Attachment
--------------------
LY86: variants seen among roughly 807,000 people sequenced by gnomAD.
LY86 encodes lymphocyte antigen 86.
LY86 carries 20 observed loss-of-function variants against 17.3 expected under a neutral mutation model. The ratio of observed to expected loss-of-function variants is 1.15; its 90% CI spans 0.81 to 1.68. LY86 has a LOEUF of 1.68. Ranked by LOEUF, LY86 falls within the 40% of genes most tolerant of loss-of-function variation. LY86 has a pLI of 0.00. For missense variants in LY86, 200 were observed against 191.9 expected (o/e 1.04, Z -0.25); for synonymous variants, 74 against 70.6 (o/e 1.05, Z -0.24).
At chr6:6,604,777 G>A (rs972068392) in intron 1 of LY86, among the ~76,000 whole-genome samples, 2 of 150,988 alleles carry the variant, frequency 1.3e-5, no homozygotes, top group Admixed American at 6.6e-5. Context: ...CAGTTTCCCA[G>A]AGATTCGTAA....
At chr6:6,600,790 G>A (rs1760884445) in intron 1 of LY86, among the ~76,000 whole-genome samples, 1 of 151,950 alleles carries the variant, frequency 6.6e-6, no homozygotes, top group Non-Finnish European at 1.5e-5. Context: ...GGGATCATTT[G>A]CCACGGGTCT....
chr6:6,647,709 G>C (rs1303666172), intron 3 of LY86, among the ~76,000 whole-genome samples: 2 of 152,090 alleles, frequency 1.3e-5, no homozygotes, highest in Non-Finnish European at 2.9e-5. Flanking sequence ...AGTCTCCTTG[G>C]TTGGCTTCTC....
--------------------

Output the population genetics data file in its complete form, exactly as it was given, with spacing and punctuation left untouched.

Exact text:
LY86: variants seen among roughly 807,000 people sequenced by gnomAD.
LY86 encodes lymphocyte antigen 86.
LY86 carries 20 observed loss-of-function variants against 17.3 expected under a neutral mutation model. The ratio of observed to expected loss-of-function variants is 1.15; its 90% CI spans 0.81 to 1.68. LY86 has a LOEUF of 1.68. Ranked by LOEUF, LY86 falls within the 40% of genes most tolerant of loss-of-function variation. LY86 has a pLI of 0.00. For missense variants in LY86, 200 were observed against 191.9 expected (o/e 1.04, Z -0.25); for synonymous variants, 74 against 70.6 (o/e 1.05, Z -0.24).
At chr6:6,604,777 G>A (rs972068392) in intron 1 of LY86, among the ~76,000 whole-genome samples, 2 of 150,988 alleles carry the variant, frequency 1.3e-5, no homozygotes, top group Admixed American at 6.6e-5. Context: ...CAGTTTCCCA[G>A]AGATTCGTAA....
At chr6:6,600,790 G>A (rs1760884445) in intron 1 of LY86, among the ~76,000 whole-genome samples, 1 of 151,950 alleles carries the variant, frequency 6.6e-6, no homozygotes, top group Non-Finnish European at 1.5e-5. Context: ...GGGATCATTT[G>A]CCACGGGTCT....
chr6:6,647,709 G>C (rs1303666172), intron 3 of LY86, among the ~76,000 whole-genome samples: 2 of 152,090 alleles, frequency 1.3e-5, no homozygotes, highest in Non-Finnish European at 2.9e-5. Flanking sequence ...AGTCTCCTTG[G>C]TTGGCTTCTC....